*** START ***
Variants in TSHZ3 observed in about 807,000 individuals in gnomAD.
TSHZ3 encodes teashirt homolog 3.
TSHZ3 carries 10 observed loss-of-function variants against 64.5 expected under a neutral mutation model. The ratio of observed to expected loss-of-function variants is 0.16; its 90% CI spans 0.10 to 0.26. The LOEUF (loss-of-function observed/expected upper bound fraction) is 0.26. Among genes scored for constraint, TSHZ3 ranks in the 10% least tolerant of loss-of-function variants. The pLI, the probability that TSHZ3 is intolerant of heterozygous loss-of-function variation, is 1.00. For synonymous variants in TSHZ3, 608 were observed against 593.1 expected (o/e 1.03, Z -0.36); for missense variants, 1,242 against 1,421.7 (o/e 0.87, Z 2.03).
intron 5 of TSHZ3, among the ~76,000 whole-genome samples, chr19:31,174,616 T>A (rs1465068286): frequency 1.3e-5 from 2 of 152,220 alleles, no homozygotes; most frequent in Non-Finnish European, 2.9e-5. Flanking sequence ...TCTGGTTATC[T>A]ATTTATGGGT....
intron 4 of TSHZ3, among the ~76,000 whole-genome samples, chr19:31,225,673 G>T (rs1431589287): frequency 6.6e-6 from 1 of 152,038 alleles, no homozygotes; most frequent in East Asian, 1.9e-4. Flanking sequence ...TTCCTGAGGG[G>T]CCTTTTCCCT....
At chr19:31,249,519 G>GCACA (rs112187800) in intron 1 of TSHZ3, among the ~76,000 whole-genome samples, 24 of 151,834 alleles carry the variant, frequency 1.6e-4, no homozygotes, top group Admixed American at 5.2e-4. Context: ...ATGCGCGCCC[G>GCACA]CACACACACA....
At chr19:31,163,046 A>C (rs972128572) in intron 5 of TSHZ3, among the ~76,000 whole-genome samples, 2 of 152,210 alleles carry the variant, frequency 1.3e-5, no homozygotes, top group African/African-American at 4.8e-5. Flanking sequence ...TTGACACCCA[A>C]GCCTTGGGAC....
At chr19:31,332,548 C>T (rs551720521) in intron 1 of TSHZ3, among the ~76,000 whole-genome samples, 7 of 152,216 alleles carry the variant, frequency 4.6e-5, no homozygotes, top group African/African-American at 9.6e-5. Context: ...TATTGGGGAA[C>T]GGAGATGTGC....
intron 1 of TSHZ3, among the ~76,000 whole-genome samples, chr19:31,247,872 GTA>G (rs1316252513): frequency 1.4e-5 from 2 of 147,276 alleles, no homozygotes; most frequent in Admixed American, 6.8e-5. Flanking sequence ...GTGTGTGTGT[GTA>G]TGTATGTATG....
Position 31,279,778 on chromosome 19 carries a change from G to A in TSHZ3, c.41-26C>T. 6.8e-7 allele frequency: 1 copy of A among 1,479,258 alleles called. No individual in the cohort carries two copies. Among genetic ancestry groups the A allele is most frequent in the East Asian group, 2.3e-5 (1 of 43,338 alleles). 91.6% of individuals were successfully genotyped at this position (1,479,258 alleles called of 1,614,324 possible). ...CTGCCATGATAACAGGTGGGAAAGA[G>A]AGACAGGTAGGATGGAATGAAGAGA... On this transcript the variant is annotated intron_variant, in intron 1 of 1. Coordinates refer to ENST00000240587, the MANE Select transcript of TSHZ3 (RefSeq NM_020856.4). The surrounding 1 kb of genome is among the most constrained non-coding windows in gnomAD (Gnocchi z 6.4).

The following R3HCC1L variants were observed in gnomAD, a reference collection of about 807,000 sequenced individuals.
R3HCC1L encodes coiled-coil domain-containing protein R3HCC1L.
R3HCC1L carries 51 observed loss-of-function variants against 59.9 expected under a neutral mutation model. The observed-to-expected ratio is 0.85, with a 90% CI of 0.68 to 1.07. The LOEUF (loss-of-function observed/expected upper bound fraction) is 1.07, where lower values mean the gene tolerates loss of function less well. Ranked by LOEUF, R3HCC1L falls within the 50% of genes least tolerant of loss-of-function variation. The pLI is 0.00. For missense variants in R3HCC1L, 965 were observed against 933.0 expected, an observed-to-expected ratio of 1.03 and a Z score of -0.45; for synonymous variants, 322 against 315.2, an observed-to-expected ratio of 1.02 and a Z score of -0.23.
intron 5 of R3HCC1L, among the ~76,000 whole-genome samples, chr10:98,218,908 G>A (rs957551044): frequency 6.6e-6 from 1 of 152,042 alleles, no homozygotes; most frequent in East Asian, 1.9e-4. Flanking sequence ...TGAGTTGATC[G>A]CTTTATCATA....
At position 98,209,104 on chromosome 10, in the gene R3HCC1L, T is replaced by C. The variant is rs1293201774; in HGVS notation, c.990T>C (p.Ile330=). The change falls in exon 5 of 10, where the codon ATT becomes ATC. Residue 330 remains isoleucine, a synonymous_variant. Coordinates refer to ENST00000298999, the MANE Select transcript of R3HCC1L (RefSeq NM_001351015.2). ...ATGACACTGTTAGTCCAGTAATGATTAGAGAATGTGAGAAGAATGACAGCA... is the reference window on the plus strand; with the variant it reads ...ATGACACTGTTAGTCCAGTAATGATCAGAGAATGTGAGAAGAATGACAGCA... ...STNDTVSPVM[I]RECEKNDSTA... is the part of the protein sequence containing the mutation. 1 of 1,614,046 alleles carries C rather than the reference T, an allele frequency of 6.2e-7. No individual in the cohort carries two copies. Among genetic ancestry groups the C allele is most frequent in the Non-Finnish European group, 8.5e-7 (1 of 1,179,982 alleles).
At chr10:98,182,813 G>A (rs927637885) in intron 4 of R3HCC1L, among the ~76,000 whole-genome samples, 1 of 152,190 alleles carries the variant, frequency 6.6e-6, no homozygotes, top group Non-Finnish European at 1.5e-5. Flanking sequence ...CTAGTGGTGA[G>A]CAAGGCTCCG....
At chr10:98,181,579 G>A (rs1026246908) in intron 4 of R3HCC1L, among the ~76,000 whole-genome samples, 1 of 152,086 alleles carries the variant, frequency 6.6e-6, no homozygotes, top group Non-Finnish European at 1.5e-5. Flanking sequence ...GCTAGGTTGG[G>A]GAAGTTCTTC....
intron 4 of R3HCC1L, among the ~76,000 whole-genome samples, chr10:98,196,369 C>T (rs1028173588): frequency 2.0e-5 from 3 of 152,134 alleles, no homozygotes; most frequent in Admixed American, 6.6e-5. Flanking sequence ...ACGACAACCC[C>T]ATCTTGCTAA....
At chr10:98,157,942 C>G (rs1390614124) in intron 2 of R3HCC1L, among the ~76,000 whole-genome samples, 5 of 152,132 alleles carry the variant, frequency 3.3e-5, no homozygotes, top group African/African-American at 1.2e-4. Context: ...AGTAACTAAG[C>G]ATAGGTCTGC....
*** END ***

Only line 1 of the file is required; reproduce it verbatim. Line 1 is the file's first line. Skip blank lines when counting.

Variants in TSHZ3 observed in about 807,000 individuals in gnomAD.